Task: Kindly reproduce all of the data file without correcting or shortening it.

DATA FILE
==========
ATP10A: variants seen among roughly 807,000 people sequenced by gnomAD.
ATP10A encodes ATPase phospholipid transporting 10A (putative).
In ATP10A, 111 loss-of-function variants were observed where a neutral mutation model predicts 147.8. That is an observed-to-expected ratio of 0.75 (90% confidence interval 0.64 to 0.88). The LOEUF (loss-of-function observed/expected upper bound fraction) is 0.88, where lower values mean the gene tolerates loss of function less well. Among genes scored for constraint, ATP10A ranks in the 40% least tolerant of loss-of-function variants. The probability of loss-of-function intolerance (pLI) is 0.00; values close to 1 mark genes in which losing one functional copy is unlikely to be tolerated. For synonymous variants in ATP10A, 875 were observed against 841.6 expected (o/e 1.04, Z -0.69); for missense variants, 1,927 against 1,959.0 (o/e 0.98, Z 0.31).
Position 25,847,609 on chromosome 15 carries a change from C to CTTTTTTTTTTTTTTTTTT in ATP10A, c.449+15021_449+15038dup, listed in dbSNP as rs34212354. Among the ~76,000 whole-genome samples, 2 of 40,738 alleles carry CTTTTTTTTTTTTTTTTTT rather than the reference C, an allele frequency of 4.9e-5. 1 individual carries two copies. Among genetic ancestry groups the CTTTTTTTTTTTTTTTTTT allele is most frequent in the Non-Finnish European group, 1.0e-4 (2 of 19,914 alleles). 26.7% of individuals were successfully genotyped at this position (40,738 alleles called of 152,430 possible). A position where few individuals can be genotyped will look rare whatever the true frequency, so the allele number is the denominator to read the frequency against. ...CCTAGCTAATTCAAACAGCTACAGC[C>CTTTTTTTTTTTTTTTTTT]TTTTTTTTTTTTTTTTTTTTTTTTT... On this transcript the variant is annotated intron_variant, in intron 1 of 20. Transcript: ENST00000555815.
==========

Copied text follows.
ATP10A: variants seen among roughly 807,000 people sequenced by gnomAD.
ATP10A encodes ATPase phospholipid transporting 10A (putative).
In ATP10A, 111 loss-of-function variants were observed where a neutral mutation model predicts 147.8. That is an observed-to-expected ratio of 0.75 (90% confidence interval 0.64 to 0.88). The LOEUF (loss-of-function observed/expected upper bound fraction) is 0.88, where lower values mean the gene tolerates loss of function less well. Among genes scored for constraint, ATP10A ranks in the 40% least tolerant of loss-of-function variants. The probability of loss-of-function intolerance (pLI) is 0.00; values close to 1 mark genes in which losing one functional copy is unlikely to be tolerated. For synonymous variants in ATP10A, 875 were observed against 841.6 expected (o/e 1.04, Z -0.69); for missense variants, 1,927 against 1,959.0 (o/e 0.98, Z 0.31).
Position 25,847,609 on chromosome 15 carries a change from C to CTTTTTTTTTTTTTTTTTT in ATP10A, c.449+15021_449+15038dup, listed in dbSNP as rs34212354. Among the ~76,000 whole-genome samples, 2 of 40,738 alleles carry CTTTTTTTTTTTTTTTTTT rather than the reference C, an allele frequency of 4.9e-5. 1 individual carries two copies. Among genetic ancestry groups the CTTTTTTTTTTTTTTTTTT allele is most frequent in the Non-Finnish European group, 1.0e-4 (2 of 19,914 alleles). 26.7% of individuals were successfully genotyped at this position (40,738 alleles called of 152,430 possible). A position where few individuals can be genotyped will look rare whatever the true frequency, so the allele number is the denominator to read the frequency against. ...CCTAGCTAATTCAAACAGCTACAGC[C>CTTTTTTTTTTTTTTTTTT]TTTTTTTTTTTTTTTTTTTTTTTTT... On this transcript the variant is annotated intron_variant, in intron 1 of 20. Transcript: ENST00000555815.